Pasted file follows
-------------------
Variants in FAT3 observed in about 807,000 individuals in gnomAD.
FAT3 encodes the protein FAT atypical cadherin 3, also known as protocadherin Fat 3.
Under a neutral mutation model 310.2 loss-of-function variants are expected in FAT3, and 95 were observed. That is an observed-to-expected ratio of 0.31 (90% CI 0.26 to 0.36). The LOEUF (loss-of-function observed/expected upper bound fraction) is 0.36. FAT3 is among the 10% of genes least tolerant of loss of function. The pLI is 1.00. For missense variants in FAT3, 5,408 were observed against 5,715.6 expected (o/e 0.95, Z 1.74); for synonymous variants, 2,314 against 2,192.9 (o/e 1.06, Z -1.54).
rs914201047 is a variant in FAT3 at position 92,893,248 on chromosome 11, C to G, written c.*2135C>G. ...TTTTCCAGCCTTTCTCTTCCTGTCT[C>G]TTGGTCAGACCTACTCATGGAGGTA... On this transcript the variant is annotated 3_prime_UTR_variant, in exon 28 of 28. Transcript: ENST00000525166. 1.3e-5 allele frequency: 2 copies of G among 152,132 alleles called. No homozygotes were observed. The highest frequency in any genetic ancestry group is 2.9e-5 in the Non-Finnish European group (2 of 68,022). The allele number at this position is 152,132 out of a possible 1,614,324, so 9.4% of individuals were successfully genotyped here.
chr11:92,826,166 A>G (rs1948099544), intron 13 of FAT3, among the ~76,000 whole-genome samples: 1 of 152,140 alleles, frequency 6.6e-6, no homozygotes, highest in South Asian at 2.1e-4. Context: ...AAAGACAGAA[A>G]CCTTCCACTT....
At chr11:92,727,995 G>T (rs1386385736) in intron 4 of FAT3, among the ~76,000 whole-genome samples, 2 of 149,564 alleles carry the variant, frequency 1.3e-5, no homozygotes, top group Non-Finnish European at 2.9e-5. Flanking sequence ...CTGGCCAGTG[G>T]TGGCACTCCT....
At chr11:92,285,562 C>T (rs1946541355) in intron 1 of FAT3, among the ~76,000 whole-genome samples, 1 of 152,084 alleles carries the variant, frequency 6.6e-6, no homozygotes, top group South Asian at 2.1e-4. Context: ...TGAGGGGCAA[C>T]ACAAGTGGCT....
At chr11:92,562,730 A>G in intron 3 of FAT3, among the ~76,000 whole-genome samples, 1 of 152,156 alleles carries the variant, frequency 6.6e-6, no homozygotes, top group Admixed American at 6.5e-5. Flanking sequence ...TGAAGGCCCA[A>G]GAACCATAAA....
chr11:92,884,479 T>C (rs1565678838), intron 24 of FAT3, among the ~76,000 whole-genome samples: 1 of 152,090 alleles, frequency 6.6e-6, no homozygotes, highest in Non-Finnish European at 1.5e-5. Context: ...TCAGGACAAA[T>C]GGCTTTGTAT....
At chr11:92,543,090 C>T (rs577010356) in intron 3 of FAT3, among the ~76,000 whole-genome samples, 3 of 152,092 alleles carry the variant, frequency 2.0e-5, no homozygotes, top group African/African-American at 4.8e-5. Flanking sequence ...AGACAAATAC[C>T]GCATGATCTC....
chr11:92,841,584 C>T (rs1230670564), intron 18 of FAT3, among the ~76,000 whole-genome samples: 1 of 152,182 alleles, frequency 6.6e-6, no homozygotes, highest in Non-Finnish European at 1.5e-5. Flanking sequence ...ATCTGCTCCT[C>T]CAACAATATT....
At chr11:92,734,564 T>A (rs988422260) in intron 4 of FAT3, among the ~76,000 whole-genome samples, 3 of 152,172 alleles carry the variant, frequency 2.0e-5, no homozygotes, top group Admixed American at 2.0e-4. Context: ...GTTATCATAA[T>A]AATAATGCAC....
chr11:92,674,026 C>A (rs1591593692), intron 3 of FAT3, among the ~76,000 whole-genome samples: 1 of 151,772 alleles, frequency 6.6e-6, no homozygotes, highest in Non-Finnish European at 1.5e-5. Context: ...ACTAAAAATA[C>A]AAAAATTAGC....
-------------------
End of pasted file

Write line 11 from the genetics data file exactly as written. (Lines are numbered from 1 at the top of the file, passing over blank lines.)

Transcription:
chr11:92,841,584 C>T (rs1230670564), intron 18 of FAT3, among the ~76,000 whole-genome samples: 1 of 152,182 alleles, frequency 6.6e-6, no homozygotes, highest in Non-Finnish European at 1.5e-5. Flanking sequence ...ATCTGCTCCT[C>T]CAACAATATT....